By the end of that day, the boys were with different families, my roommate and I were two single women watching Shark Week once again, exhausted and far behind where we should have read for the week’s Bible studies.
Though that morning two years ago was a meaningful prayer time for me, I haven’t tried to replicate it. Part of this, of course, is because mornings are terrible. But I think it’s also because I’m not used to praying in the dark. Darkness is for sleeping and stargazing and spy movies. We feel like we’re doing something we shouldn’t or slacking off if we aren’t praying with our eyes shut at a florescent-lit conference table or beside the brightest lamp in the living room (conveniently placed by the squishiest armchair, of course). Frankly, we feel like we’re wrong if we pray with our eyes open, too.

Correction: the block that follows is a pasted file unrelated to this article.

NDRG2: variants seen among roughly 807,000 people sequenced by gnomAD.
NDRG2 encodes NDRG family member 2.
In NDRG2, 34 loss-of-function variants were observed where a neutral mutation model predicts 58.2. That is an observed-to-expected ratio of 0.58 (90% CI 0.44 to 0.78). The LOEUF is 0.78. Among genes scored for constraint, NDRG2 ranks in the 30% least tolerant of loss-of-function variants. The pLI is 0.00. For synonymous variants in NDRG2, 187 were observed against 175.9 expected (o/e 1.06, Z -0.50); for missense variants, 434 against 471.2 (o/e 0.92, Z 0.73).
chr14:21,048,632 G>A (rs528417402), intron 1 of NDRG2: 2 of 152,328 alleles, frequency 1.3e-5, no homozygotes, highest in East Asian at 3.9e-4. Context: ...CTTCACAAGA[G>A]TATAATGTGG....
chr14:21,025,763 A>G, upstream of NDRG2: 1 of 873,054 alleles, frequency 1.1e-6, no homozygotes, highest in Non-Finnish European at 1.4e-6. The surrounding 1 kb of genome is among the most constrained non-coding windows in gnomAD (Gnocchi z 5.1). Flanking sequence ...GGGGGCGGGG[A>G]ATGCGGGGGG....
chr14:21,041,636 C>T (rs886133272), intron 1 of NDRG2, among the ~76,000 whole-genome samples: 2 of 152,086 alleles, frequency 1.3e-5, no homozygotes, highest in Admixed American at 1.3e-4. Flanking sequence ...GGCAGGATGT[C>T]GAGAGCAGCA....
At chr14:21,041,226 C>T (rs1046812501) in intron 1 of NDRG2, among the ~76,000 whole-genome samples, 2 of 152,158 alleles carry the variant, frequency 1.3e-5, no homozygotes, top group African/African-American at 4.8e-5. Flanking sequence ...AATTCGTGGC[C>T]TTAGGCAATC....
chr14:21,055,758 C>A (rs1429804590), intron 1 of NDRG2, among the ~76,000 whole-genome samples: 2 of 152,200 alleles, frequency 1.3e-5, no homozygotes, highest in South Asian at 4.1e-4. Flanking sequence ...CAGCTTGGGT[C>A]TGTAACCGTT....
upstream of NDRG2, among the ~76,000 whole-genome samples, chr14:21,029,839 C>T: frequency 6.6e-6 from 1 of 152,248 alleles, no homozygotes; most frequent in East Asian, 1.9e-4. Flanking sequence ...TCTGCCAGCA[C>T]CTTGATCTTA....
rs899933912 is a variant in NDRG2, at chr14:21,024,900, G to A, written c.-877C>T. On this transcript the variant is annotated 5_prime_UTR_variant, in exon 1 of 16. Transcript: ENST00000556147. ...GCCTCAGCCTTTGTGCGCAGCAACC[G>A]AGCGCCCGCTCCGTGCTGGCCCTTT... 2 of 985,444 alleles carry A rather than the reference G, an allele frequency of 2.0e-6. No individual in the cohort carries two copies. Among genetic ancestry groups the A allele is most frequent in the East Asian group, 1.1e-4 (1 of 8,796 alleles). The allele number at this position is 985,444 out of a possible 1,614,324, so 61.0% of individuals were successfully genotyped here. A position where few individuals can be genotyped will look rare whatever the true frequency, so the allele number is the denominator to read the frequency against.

Despite my private jokes, though, God doesn’t need to be awakened and God doesn’t trisect God’s self to lessen the load around the clock. God neither nudges a part of the Trinity awake nor needs a poke in the ribs from me. Literally, any place and any environment is a good place to pray. You might need a bright lamp to read your Bible or journal prayers, and you may need some sunlight to help keep you awake, yet darkness is also a fine place to pray. Dawn and day and night and twilight and many other hairsplitting terms for mere moments on the clock can describe a moment you need to pray, an opportunity you may or may not take to pray.
This morning, as I read in Matthew 3 of Jesus’ baptism, I’m praying for those three boys again, two years older, who I held on the worst day of their lives.